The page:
Ahead of time (AOT) and Just-in-Time (JIT) compilation | by Prince Jain | Feb, 2024

Above differences tell us something but why would Tensorflow go with AOT and Pytorch with JIT. Let’s try to understand it further.

In AOT, when we are compiling the whole program, we can do very specific optimizations. Fuse many kernels, combine few computations, transfer the data without leaving the device from one compute unit to another. Store data in a compact fashion. Skip some unnecessary computations (dead-code elimination) and store the whole program and split it in an optimized fashion on device that the data and code locality favors the overall performance latency and throughput.

Now the problem with that is,

(1) if I want to see the result of the intermediate layer, then it is possible that AOT might have optimized it away or modified it in such a way that it is no longer in its same form or type.

(2) Or if I change one parameter, let’s say hyperparameter for Adam optimizer, then the whole program will be compiled again even though only part of the program is modified.

(3) Input data in some ML systems can be of different shapes of types and AOT is compiled mostly for static shapes and thus has sub-optimal memory allocation and lacks corresponding optimizations as well.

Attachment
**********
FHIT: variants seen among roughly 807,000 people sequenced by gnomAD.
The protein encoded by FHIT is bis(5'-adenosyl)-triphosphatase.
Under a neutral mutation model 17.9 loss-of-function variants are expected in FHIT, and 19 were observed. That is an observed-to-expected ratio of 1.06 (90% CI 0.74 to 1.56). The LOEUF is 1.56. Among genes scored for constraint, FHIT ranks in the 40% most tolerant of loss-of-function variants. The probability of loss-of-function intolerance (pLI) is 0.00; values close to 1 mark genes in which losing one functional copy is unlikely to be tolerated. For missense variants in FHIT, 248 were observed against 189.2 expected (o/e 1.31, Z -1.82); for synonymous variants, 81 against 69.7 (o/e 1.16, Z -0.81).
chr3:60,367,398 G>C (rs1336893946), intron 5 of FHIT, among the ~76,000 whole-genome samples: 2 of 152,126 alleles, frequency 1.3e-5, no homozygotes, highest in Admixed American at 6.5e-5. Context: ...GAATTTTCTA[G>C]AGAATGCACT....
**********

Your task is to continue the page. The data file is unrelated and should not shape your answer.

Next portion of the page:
(AOT sometimes handles dynamic shapes by compiling for max shape and then padding leftover colums which waste resources)

But with JIT, we are only compiling part of the program when we try to execute it. Each layer which is executed has results available for further analysis. They can easily be printed using python libraries (pytorch easily integrates with python). JIT does dynamic compilation and recompiles only the modified methods when it executes them. This is called “Rapid Prototyping”.

JIT also takes into account the shapes, types of input while compiling and thus optimizes the generated graph. It can thus execute many different shape/type inputs in optimized fashion. It also saves pre-compiled methods based on previously seen input shapes/types in cache and reuses them if encounters similar inputs again. This is “Dynamic Code Compilation

Now one of the important concepts in JIT which makes JIT even more efficient is the “Dynamic Tracing”. This helps to perform dynamic control flow, optimize based on data flow and better handling of loop optimizations. It also helps with better memory allocation and efficient utilization of resources. JIT does it by tracing the execution path. It thus captures the sequence of operations performed including function calls, variable assignment and control flow statements. Based on this tracing, it creates a computation graph which captures the dependencies between operations. This graph is called DAG (Directed Acyclic Graph). Based on the tracing, optimizations are performed on this graph which in many cases are better than AOT.

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